Homemade Special Effects Makeup

Special effects makeup isn't just for the movies. Items from your kitchen, bathroom and garage serve as essentials of a perfectly haunting look. The basics of special effects makeup is to take a naked face and create an illusion of something traumatic, disgusting and perfectly scary. With a little technique and a lot of imagination, create features like a broken or bloody nose, open wound, bruises and even bullet holes. Choose to feature one effect or a combination of many.

Prepare Face Paint and Fake Blood

Mix face paint by combining cold cream, dish soap and corn starch well, and pour evenly into an empty egg carton.

Add two to three drops of food coloring (repeat these steps as needed).

Mix fake blood by combining the corn syrup and water in a small bowl, adding water gradually to achieve a substance that is sticky and relatively thick.

Add red food coloring and stir until you think the mixture looks like blood. Darken the blood by adding the blue and green food coloring.

Facial Bruises and Bloody Wounds

Create a facial gash. Roll some Vaseline (or Derma Wax) into a cylinder and press it into your skin. Vaseline or Derma Wax is used to mold the special effect because it is easily painted and blended to look like a part of your skin.

Run a small spatula over the center of the Vaseline to create as jagged a wound as you’d like.

Color the bottom of the wound with black face paint and use dark red face paint to color the inside and outside edges of the gash. Blend the color into your actual skin to create a seamless look.

Add fake blood dripping from the wound with a small paintbrush to make it appear the gash is bleeding.

Create a broken and bleeding nose. Press a ball of Vaseline or wax into the bridge of your nose where you want it broken. Follow steps to create a gash wound above.

Apply face powder or talc with a cotton ball or makeup pad to make the skin appear pale and bruised.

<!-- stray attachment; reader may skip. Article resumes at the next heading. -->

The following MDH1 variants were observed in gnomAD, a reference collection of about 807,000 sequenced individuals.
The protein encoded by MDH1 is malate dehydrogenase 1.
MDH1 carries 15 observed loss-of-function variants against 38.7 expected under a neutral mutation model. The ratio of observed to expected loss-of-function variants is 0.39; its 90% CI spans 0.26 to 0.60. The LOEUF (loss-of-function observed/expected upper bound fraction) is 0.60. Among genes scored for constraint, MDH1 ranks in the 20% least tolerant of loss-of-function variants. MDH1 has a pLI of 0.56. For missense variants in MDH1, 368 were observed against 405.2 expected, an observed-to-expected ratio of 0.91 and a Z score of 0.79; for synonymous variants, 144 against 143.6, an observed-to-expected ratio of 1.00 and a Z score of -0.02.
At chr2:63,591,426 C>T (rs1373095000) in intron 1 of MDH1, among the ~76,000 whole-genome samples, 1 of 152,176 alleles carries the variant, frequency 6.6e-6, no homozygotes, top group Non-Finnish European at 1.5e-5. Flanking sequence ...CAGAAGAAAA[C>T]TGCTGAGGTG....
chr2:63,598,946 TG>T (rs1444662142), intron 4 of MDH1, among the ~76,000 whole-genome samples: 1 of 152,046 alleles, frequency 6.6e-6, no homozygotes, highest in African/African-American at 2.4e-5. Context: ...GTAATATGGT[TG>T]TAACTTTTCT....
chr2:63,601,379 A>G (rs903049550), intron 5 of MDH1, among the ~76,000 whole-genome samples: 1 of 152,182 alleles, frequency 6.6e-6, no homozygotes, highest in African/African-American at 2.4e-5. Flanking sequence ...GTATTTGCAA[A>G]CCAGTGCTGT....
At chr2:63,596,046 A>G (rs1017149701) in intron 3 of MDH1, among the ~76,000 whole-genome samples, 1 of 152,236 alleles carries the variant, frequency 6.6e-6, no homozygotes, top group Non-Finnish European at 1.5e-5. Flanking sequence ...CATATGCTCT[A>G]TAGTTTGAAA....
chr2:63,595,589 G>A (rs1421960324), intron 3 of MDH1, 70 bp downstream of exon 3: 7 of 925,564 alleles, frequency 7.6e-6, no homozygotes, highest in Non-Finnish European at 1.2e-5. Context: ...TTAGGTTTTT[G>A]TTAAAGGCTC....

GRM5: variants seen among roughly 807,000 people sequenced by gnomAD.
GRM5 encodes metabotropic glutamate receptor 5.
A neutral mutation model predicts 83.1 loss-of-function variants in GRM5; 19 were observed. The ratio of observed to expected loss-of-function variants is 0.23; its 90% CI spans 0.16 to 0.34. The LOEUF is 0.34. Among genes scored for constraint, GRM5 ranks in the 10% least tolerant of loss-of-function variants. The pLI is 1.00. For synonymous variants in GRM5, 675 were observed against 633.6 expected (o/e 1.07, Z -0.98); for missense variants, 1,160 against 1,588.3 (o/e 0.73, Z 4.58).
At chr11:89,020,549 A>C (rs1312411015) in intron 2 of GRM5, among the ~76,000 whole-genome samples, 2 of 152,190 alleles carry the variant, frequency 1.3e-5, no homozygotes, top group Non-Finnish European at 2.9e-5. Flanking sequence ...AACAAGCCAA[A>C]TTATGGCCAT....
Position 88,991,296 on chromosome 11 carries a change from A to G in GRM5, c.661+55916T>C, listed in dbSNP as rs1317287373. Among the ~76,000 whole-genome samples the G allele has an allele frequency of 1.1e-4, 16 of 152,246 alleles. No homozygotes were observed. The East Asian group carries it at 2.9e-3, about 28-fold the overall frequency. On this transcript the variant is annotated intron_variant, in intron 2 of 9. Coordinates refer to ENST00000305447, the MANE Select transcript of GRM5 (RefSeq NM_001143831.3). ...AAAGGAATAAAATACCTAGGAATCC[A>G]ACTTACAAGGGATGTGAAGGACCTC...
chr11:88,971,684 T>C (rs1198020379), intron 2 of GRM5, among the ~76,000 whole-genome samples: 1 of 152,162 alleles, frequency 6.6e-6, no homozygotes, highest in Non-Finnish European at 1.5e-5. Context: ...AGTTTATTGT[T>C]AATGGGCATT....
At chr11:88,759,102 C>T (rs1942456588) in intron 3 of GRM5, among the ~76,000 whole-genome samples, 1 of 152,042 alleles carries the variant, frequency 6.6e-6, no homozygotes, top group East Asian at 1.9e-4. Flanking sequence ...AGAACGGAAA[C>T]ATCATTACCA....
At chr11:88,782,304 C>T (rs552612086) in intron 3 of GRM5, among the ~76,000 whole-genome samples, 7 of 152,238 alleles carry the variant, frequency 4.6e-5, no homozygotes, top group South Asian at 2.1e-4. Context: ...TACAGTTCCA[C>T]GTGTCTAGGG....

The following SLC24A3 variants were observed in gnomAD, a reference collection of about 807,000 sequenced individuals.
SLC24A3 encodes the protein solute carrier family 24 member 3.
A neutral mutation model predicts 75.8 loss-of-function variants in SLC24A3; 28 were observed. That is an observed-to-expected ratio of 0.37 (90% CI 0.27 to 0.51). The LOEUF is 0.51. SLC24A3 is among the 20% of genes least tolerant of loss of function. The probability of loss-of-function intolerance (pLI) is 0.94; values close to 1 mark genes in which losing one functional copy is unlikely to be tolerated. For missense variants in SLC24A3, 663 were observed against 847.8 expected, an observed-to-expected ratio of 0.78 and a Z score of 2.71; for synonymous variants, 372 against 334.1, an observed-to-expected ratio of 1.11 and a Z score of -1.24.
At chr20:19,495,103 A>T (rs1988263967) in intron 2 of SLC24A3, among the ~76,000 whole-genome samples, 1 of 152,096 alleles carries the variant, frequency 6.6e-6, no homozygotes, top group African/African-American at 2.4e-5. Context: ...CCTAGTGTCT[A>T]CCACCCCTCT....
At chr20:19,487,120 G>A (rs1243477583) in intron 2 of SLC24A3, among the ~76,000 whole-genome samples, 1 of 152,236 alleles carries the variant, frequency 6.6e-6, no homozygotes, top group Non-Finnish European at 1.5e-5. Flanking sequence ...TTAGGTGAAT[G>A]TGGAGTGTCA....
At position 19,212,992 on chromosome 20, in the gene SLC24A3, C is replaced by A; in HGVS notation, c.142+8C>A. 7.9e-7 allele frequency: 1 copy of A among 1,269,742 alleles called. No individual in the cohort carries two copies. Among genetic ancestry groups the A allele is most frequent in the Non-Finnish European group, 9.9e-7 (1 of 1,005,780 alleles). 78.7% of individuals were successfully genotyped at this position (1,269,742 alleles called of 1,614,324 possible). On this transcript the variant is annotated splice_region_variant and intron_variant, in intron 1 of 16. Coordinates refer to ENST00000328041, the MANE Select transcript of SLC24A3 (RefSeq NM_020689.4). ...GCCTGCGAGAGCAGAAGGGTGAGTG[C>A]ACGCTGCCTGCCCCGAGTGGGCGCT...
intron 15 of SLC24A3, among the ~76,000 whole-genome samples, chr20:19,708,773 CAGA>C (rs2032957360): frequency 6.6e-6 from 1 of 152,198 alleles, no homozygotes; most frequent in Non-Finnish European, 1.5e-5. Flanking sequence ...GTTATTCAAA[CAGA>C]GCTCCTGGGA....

Add dripping blood by pouring fake blood into the gash and letting it roll down your face.

Bullet Holes

Spot the placement of the bullet hole on your forehead with a dime-size dab of black makeup.

Tie a piece of thread to a small black button, lay it over the black dot and cover the button with Vaseline or wax leaving the string hanging out of the mold.

Blend in some flesh- or black-colored makeup over Vaseline or wax, then quickly tug the string to create an open cavity.

Fill the resulting cavity with fake blood. If you want the bullet hole to look less fresh use plenty of face powder or talc making the wound look dry.

Glass Shards in Face

Roll some Vaseline or Derma Wax into a ball and press it into your face where you want the "glass."

Cut the Mountain Dew bottle into shapes to represent broken glass.

Embed the shards of the Mountain Dew bottle into Vaseline or Derma Wax with light pressure until they stick. Gum can also be used to affix the shards. Add fake blood for effect.

Missing Finger

Bend the finger you want to look chopped off at the knuckle, and tape it to your palm with a strong piece of tape.

Roll a small piece of Vaseline or wax into a cylinder and shape the cylinder into a ring around the knuckle of the finger at the place where the rest of the finger is supposed to be chopped off. Blend the edges of the Vaseline or wax into you actual skin using a spatula and moisturizer. Add character to the "gash" by softly carving, jagged edges.

Paint the skin a brownish color with a liquid eyeliner brush and use cream makeup to add red and blue tones from the cut end of the finger to the end of the hand, gradually fading into the natural skin color.

Soak a piece of tin fake blood to attach to the Vaseline to make it look like there are shreds of flesh on the end of the finger. Paint the surrounding area of the inside of the wound black and dark red. Pour some fake blood on to it to make it look like it’s still bleeding.


Apply cold cream before applying fake blood so it will stick properly.

Wash and dry your face before applying homemade cream makeup; wash off with soap and water.


Using food coloring for makeup may result in short-term skin staining, even after washing.

About the Author

Jennifer Sandberg began work in transportation writing and public affairs in 2006. She creates and edits public information materials and conducts investigative research for numerous projects while serving as a public information liaison to the Washington State Department of Transportation. Sandberg holds a Bachelor of Arts in communication from the University of Washington.